A typical Maximal Ratio Combining (MRC) rake receiver includes a plurality of fingers, each of which correlates to a different delay of an input signal. The correlator outputs from each finger are then typically weighted by a vector of complex weighting coefficients, and combined to form a decision variable. In typical MRC rake receivers, the values of the coefficients in the weighting vector are chosen without regard to the statistical correlation properties of the noise impairment in the received signal, for instance by setting each weighting coefficient as the complex conjugate of the channel impulse response. As a result, typical MRC rake receivers perform optimally when the noise corruption to the input signal is limited to Independent Additive Noise (IAN), such as Additive White Gaussian Noise (AWGN), which is independent of the signal transmitted to the mobile device from a base station. In typical mobile communication systems, however, multiple spread spectrum signals are transmitted at a single bandwidth, resulting in dependant noise, such as Multi-User Interference (MUI). Because typical MRC rake receivers are optimized to compensate for IAN, they are often sub-optimal when dependent noise is present.

The use of a Generalized Matched Filter (GMF) to compensate for dependant noise in a spread spectrum signal is known. For instance, a generic description of a GMF is found in Kay, “Fundamentals of statistical signal processing—detection theory,” Prentice Hall, 1998. In addition, the use of a GMF in a CDMA receiver is disclosed in G. Bottomly et al, “A generalized Rake receiver for interference suppression,” IEEE Journal on selected areas in communications, Vol. 18, No.8, August 2000. Known Generalized Matched Filters, however, require an excessive amount of processing, and are therefore not typically implemented in mobile communication devices.

SUMMARY

An Adaptive Generalized Matched Filter (AGMF) rake receiver system includes a rake receiver and an AGMF weight determination module. The rake receiver is coupled to a spread spectrum input signal and applies a vector of weight signals to the spread spectrum input signal to compensate for dependant noise and to generate a decision variable. The AGMF weight determination module monitors the decision variable and generates the vector of weight signals, wherein optimal values for the vector of weight signals are calculated by the AGMF weight determination module by varying the vector of weight signals until the signal to noise ratio of the decision variable reaches a peak value.

BRIEF DESCRIPTION OF THE DRAWINGS

FIG. 1 is a block diagram of an exemplary rake receiver for use in an Adaptive Generalized Matched Filter (AGMF) rake receiver system;

FIG. 2 is a block diagram of an exemplary AGMF rake receiver system;

FIG. 3 is a graph plotting exemplary multi-path components {h1, h2, . . . , hJ} of the channel impulse response {right arrow over (h)} as a function of time;

FIG. 4 is a more detailed block diagram of the AGMF Weight Determination module shown in FIG. 2;

FIG. 5 is a graph plotting the SNR of the decision variable output z from the rake receiver as a function of the scalar parameter ro;

FIG. 6 is a block diagram of an exemplary Dual Decision Statistic Pilot Rake Receiver; and

FIG. 7 is a flow diagram illustrating an exemplary method for calculating the optimal weight signal vector {right arrow over (w)}opt.

DETAILED DESCRIPTION

Referring now to the drawing figures, FIG. 1 is a block diagram of an exemplary rake receiver 10 for use in an Adaptive Generalized Matched Filter (AGMF) rake receiver system. The rake receiver 10 includes a plurality of correlator fingers 12, a plurality of weight multipliers 14, and an adder 16. Each correlator finger 12 includes a delay element 18, a multiplier 20 and an integrator 22. Also shown is a receiver chain impulse response block 24, a pulse shaping filter 26 and a coded sequence co(n) block 28.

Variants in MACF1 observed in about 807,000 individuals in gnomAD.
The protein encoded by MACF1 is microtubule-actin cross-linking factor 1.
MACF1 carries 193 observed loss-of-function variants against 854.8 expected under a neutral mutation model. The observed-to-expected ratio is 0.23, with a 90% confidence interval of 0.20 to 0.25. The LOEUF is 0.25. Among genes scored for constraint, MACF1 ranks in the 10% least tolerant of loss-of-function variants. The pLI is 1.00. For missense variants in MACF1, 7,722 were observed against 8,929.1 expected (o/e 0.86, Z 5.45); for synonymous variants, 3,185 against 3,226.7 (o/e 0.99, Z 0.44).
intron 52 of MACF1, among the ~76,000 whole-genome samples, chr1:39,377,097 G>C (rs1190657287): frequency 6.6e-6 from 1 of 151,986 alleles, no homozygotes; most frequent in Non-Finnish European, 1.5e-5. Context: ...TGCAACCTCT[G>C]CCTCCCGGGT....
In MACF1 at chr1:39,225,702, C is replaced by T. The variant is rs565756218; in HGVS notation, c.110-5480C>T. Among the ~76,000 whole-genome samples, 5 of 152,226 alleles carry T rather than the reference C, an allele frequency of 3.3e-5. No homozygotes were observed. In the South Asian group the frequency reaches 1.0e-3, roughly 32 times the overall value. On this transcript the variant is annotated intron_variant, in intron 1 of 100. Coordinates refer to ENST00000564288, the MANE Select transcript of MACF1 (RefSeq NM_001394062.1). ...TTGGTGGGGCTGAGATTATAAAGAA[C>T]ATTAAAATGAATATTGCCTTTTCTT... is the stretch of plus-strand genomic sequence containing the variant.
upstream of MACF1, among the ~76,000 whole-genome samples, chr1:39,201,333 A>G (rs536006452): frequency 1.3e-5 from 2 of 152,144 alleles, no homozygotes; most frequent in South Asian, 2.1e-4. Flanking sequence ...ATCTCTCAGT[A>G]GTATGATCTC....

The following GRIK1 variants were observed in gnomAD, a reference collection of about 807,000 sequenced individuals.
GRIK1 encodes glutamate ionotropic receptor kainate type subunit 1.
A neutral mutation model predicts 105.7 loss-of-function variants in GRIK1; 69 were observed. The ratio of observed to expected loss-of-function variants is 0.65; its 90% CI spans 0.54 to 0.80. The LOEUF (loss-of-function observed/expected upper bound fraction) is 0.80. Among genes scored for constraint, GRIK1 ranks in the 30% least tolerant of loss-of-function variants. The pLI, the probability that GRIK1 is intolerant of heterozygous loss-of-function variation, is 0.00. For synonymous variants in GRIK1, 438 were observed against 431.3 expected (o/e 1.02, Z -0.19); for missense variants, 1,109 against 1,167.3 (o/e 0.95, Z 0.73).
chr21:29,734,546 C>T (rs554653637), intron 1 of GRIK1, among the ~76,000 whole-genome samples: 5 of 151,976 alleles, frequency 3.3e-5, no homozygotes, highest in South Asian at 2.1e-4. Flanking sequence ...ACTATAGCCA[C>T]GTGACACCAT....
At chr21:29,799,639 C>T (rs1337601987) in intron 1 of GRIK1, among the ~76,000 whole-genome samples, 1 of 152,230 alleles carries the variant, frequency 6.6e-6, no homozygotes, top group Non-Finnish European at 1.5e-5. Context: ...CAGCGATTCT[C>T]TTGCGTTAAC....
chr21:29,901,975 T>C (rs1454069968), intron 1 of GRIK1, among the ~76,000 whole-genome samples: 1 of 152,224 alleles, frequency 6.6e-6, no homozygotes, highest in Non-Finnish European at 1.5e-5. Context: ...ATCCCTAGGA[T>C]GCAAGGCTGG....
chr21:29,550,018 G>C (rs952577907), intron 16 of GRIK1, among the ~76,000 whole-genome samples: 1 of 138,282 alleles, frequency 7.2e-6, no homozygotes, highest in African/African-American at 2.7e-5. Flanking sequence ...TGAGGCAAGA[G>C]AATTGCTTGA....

A multi-path, spread spectrum signal x(t), such as a CDMA signal, is received by the mobile communication device, and is filtered by the receiver chain impulse response block hrx(t) 24 to generate a demodulated base-band input signal r(t) to the rake receiver 10. The receiver chain impulse response block hrx(t) 24 represents the combined filter responses in the receiver chain prior to the rake receiver 10, such as the responses from an RF filter, band limiting components, an IF filter, and DSP filtering blocks. The input signal r(t) to the rake receiver 10 is coupled to one input of the multiplier 20 in each correlator finger 12.

Each correlator finger 12 also receives a despreading signal c(t), which is formed by convolving the coded sequence co(n) 28 for the desired traffic channel (n is the chip index) with the impulse response hp(t) of the pulse shaping filter 26. The impulse response hp(t) may be a single impulse or a rectangular pulse, depending upon how the correlation function is implemented. Each correlator finger 12 is represented with an index number 1,2, . . . ,J. Operationally, each correlator finger 12 is substantially the same as the first, which will be described next in greater detail. A delay element (d1) 18 is then applied to the despreading signal c(t) within each correlation finger 12 in order to generate a shifted despreading signal c(t−d1) that is aligned with one channel of the multi-path input signal r(t). The shifted despreading signal c(t−d1) is coupled to a second input of the multiplier 20. The multiplier 20 performs a complex operation on the input signal r(t) and the shifted despreading signal c(t−d1), forming the product c(t−d1)*r(t), where ‘*’ denotes the complex conjugate operation. The output of the multiplier 20 is then coupled to the integrator 22 in order to correlate the signals over some period of time and to generate a correlation output y(d1). The other correlator fingers 12 operate in substantially the same way as described above, except that delay d1 is substituted with delay d2, . . . ,dJ for each of the other correlator fingers 12.

If the propagation channel of the input signal r(t) were ideal, i.e. a single-path environment with no noise, then the rake receiver 10 would only require one correlation finger 12 and a single delay element d1. In this ideal case, the delay element d1 would be calculated such that the shifted despread signal c(t−d1) would align exactly with a pilot signal within r(t), satisfying the equation: